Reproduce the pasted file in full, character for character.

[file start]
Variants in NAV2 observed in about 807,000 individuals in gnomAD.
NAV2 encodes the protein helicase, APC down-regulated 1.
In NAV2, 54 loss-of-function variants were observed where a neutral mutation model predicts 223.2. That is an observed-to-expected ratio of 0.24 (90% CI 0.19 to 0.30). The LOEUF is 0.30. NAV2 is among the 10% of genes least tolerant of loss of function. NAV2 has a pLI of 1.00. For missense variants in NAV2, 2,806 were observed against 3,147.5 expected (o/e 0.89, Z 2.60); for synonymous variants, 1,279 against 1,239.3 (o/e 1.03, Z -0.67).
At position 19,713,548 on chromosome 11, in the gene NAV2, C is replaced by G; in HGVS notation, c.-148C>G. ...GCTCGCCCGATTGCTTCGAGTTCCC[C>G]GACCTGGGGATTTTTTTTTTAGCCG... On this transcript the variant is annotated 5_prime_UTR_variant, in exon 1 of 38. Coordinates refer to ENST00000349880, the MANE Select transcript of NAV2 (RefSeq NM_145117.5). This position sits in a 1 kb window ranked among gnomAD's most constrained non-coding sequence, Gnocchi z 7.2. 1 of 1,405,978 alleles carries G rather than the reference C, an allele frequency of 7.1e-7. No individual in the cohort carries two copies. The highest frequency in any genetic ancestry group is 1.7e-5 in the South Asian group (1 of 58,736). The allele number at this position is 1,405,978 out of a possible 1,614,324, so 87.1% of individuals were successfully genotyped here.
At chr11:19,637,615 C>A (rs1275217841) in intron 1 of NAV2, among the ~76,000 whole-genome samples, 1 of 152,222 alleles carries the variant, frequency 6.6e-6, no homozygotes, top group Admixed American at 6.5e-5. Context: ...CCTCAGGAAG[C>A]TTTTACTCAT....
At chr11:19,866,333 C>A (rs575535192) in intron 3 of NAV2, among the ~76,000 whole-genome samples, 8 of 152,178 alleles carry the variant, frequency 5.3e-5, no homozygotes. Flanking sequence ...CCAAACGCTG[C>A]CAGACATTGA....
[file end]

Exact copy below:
Variants in NAV2 observed in about 807,000 individuals in gnomAD.
NAV2 encodes the protein helicase, APC down-regulated 1.
In NAV2, 54 loss-of-function variants were observed where a neutral mutation model predicts 223.2. That is an observed-to-expected ratio of 0.24 (90% CI 0.19 to 0.30). The LOEUF is 0.30. NAV2 is among the 10% of genes least tolerant of loss of function. NAV2 has a pLI of 1.00. For missense variants in NAV2, 2,806 were observed against 3,147.5 expected (o/e 0.89, Z 2.60); for synonymous variants, 1,279 against 1,239.3 (o/e 1.03, Z -0.67).
At position 19,713,548 on chromosome 11, in the gene NAV2, C is replaced by G; in HGVS notation, c.-148C>G. ...GCTCGCCCGATTGCTTCGAGTTCCC[C>G]GACCTGGGGATTTTTTTTTTAGCCG... On this transcript the variant is annotated 5_prime_UTR_variant, in exon 1 of 38. Coordinates refer to ENST00000349880, the MANE Select transcript of NAV2 (RefSeq NM_145117.5). This position sits in a 1 kb window ranked among gnomAD's most constrained non-coding sequence, Gnocchi z 7.2. 1 of 1,405,978 alleles carries G rather than the reference C, an allele frequency of 7.1e-7. No individual in the cohort carries two copies. The highest frequency in any genetic ancestry group is 1.7e-5 in the South Asian group (1 of 58,736). The allele number at this position is 1,405,978 out of a possible 1,614,324, so 87.1% of individuals were successfully genotyped here.
At chr11:19,637,615 C>A (rs1275217841) in intron 1 of NAV2, among the ~76,000 whole-genome samples, 1 of 152,222 alleles carries the variant, frequency 6.6e-6, no homozygotes, top group Admixed American at 6.5e-5. Context: ...CCTCAGGAAG[C>A]TTTTACTCAT....
At chr11:19,866,333 C>A (rs575535192) in intron 3 of NAV2, among the ~76,000 whole-genome samples, 8 of 152,178 alleles carry the variant, frequency 5.3e-5, no homozygotes. Flanking sequence ...CCAAACGCTG[C>A]CAGACATTGA....